SAN LUIS OBISPO (CN) - Convinced that the "spirit of the wolf" was inside of him, Mark Andrews left piles of dirt and flour on a neighbor's porch in 2009, his attorney said, hoping to humiliate what he believed was a vampire living inside.
Four years later, Andrews allegedly believed a different neighbor was a vampire. And when he knocked on that door, Colleen Barga-Millbury - unlike the first neighbor - made the mistake of opening it.
Andrews, 51, is on trial in San Luis Obispo County, accused of fatally shooting 52-year-old Barga-Milbury two times with a lever-action .30-30 rifle.
While he has a documented 20-year history of believing he is a werewolf and has been committed to psychiatric hospitals numerous times, the standard for proving an insanity defense in California may make it difficult for him to avoid prison time.
"The defendant was not delusional or psychotic on the day of the murder," deputy district attorney Matt Kraut told jurors this week. He said that Andrews knew that what he did was wrong.
But Andrews' attorney Ilan Funke-Bilu told jurors that aside from mental illness, Andrews had no motive to kill his neighbor.
"There were no known conflicts between Ms. Barga-Milbury and my client," he said.
Police were dispatched to Barga-Milbury's Atascadero home on May 22, 2013. Hours after she was shot, her 15-year-old son, who has autism, found her lying just inside the entrance to their home.
"Wake up, Mom!" the boy pleaded, according to witness Russell Moore, who gave the boy a ride home when Barga-Milbury failed to show up at her son's school.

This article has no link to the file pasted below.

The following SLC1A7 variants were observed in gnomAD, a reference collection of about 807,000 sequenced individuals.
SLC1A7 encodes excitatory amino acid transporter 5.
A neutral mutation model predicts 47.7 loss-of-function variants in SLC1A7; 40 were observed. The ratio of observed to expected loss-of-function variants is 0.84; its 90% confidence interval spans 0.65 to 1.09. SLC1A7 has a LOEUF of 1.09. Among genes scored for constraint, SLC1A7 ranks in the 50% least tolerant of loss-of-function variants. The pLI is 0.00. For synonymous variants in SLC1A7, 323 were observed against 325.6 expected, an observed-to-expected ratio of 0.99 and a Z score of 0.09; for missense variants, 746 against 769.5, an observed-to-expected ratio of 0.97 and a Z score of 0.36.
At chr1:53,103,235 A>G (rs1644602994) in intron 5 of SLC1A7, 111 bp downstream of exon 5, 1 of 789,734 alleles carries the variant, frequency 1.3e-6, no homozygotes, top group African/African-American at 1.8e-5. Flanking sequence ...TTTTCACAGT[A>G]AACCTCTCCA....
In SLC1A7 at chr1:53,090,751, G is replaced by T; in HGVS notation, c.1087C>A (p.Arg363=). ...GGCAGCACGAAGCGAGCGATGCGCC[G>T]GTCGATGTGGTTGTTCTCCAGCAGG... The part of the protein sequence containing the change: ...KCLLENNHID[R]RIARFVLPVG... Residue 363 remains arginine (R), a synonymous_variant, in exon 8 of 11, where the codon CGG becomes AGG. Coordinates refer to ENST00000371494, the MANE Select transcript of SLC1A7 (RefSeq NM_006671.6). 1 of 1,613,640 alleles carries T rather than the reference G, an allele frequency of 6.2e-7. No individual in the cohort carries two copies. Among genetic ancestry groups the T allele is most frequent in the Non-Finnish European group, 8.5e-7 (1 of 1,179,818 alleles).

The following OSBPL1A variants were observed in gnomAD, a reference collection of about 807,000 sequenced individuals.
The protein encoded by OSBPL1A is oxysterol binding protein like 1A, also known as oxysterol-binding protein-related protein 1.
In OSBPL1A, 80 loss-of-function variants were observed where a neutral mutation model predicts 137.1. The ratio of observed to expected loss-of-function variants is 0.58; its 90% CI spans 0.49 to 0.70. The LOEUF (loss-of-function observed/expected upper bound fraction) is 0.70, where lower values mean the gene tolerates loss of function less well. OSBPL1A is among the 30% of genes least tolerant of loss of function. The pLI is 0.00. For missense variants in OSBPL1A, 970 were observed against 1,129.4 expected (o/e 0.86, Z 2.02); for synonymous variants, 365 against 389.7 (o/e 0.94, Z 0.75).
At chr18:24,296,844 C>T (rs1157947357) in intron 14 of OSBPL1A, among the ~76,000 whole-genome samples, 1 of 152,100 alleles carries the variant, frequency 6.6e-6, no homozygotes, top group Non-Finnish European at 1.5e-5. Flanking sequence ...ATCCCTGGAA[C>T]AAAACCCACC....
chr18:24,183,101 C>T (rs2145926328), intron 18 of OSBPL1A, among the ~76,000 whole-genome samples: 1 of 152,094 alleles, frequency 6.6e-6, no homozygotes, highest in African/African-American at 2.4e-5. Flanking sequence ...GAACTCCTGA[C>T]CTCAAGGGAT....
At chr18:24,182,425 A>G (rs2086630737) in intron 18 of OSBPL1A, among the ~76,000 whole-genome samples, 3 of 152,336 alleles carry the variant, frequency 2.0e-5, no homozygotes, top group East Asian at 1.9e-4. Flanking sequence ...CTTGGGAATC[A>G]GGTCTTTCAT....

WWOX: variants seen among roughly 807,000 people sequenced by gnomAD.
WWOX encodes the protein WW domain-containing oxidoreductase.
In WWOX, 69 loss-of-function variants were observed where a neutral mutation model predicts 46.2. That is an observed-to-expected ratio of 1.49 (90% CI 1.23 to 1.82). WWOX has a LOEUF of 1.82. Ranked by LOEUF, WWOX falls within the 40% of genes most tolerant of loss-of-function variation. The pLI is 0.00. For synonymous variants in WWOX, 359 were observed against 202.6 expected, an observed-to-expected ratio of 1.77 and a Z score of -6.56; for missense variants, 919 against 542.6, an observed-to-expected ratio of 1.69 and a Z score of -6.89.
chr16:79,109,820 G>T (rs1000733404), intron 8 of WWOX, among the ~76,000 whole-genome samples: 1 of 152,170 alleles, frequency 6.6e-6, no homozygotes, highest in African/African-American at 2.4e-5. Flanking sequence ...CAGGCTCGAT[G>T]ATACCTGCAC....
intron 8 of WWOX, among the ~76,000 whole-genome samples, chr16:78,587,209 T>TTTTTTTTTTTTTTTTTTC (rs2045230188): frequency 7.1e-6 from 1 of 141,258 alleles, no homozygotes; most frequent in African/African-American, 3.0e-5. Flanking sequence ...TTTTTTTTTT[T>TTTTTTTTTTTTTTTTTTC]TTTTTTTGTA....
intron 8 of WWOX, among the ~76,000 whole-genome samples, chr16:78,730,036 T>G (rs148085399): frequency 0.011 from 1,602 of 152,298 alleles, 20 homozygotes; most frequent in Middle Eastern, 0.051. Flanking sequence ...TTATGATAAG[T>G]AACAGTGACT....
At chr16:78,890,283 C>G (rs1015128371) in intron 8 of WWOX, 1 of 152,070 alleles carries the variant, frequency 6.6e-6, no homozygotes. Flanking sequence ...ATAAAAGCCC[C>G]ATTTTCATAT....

Investigators interviewed several neighbors, including Andrews, who lived with his mother.
Andrews did not seem psychotic or delusional, investigators testified. Hours after the murder, they later learned, he bought beer at a local convenience store.
The day after the shooting, as investigators scoured Barga-Milbury's home for evidence, a television reporter seeking to interview neighbors approached Andrews, as he sat outside his home on a plastic chair.
The person responsible, he told KCOY-TV reporter Leah Masuda, was an "animalistic bastard."
"I'm just at a loss of words right now," he told Masuda in the broadcast report. "I don't know what to say."
"We were friends for a short while," he added. "She was friendly, courteous, outgoing, active."
Police did not have any suspects until they got a tip from a caller who said Andrews was mentally ill.
Investigators returned to Andrews, when he told them he had guns in his home, they asked for permission to search the house. In his bedroom they found a stocked rifle cabinet, spent shell casings and a nutcracker doll.
Investigators had seen several nutcracker dolls in Barga-Milbury's home. Wayne Drew, Barga-Milbury's boyfriend, said her son collected nutcracker dolls.
Andrews was not told he was under arrest, but police asked him to ride with them to the nearby police station. While waiting in an interrogation room alone, a video camera recorded Andrews speaking to himself. A lip reader hired by the prosecution translated his lip movements, according to a court document.
"Mark, they want to help you with your struggle," he said. "They want to help you, Mark. They arrest you only to help you."